Jan 18, 2018

Senate takes new look at foreign acquisitions of U.S. companies

Sen. John Cornyn (R-TX). Photo by Al Drago/Getty Images

The Senate Banking Committee today will hear testimony on proposed changes to the review process for acquisitions and other foreign investments in U.S. companies.

Why it matters: This is nominally about any foreign investment in the U.S., but it's really about worries that China is stealthily acquiring U.S. technological secrets.

Sen. John Cornyn (R-TX) is the legislation's lead author, and will testify today. Co-sponsors include four Democratic senators and six Republican senators. In other words, bipartisanship on the (possible) eve of a partisan government shutdown.

Cornyn's bill primarily centers around concerns that China is using joint venture and minority investment structures to sidestep review by The Committee on Foreign Investment in the U.S. (CFIUS). Basically, the goal would be to expand jurisdiction.

  • Related: CFIUS just approved its first Chinese acquisition of a U.S. company in the Trump era, giving the go-ahead to Naura's purchase of Pennsylvania semiconductor company Akrion Systems.

The new legislation would exempt certain transactions from CFIUS review if all the foreign investors are from a U.S. treaty ally that also has a mutual "investment security" agreement.

There are some big questions as to how the bill treats U.S.-based investment funds with foreign limited partners. Among those testifying will be Scott Kupor, managing partner of Andreessen Horowitz and chairman of the National Venture Capital Association. Per Kupor's prepared remarks:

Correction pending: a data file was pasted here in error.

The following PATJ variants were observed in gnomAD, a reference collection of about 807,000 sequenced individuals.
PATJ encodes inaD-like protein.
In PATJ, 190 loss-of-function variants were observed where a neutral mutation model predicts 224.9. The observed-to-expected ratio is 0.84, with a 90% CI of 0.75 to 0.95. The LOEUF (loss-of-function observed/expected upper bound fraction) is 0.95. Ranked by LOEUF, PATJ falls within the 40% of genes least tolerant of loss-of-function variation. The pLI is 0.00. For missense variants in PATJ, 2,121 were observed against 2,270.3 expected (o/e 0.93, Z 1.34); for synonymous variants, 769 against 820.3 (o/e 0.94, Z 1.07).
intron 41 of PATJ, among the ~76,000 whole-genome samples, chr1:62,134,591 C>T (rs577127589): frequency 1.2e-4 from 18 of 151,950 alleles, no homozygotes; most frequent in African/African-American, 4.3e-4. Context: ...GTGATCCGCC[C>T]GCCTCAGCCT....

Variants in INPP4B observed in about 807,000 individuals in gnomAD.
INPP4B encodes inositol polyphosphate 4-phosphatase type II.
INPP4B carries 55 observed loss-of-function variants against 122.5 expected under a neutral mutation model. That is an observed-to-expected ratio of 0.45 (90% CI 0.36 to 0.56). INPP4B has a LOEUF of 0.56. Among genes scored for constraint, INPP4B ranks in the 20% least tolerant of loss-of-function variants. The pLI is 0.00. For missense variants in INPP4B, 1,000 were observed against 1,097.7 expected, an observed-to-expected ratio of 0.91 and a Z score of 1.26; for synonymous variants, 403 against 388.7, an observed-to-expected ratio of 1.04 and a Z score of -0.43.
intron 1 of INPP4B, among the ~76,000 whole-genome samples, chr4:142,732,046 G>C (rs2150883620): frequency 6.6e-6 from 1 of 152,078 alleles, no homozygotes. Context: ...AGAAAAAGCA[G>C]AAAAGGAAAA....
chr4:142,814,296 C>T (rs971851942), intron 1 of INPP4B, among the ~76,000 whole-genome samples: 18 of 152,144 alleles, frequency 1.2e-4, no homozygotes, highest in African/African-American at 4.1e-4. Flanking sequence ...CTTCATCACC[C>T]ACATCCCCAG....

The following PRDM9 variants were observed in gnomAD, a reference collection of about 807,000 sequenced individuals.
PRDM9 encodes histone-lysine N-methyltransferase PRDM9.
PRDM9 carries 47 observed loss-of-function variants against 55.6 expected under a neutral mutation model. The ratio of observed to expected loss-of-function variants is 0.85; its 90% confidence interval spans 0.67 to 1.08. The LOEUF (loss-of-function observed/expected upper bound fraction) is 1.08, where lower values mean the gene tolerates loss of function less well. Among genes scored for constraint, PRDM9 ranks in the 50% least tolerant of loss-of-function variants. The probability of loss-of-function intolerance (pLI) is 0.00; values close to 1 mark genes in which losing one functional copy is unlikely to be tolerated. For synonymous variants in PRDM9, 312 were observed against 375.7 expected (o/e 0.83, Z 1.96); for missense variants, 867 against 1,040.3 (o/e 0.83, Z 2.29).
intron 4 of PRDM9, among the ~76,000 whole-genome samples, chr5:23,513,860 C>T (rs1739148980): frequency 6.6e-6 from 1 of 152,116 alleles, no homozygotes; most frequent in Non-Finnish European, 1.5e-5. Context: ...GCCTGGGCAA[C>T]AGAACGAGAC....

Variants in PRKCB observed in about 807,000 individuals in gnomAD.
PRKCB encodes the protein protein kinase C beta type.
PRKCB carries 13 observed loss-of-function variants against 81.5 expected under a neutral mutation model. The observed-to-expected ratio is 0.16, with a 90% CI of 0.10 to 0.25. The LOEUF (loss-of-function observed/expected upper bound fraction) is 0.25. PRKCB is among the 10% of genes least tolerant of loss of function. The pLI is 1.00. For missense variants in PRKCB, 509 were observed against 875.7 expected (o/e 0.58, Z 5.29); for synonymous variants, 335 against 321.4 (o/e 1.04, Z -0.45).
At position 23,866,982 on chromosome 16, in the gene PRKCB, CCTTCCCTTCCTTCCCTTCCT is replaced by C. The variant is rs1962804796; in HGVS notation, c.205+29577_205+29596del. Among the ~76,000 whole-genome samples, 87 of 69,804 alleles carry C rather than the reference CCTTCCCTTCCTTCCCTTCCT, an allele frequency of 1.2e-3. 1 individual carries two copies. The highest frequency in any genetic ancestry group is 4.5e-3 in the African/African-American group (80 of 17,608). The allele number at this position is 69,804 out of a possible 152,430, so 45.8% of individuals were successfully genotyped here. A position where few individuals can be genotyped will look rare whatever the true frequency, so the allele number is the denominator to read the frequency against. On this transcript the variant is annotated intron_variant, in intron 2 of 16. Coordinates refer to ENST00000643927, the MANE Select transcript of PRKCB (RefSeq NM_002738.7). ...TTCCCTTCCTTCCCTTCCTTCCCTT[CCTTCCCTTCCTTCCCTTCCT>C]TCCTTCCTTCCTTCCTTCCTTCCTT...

"The legislation does not specifically speak to the common practice of a foreign person that invests in a U.S. venture fund, which in turn invests in a critical technology company. We are concerned that this ambiguity—especially when combined with a broad grant of rulemaking authority to CFIUS—will cause unnecessary confusion, cost, and burden for the venture capital industry, as venture firms will be left without a clear understanding of whether they must file with CFIUS and under what circumstances.”

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Secretary of State Mike Pompeo said in a statement Wednesday that he has certified to Congress that Hong Kong is no longer autonomous from China and does not warrant special treatment under U.S. law.

Why it matters: Revoking Hong Kong's special status would hasten its economic and financial decline, already set in motion by China's growing political grip on the city. The preferential status that the U.S. has long granted Hong Kong has made the city a top U.S. trading partner.

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Updated 37 mins ago - Politics & Policy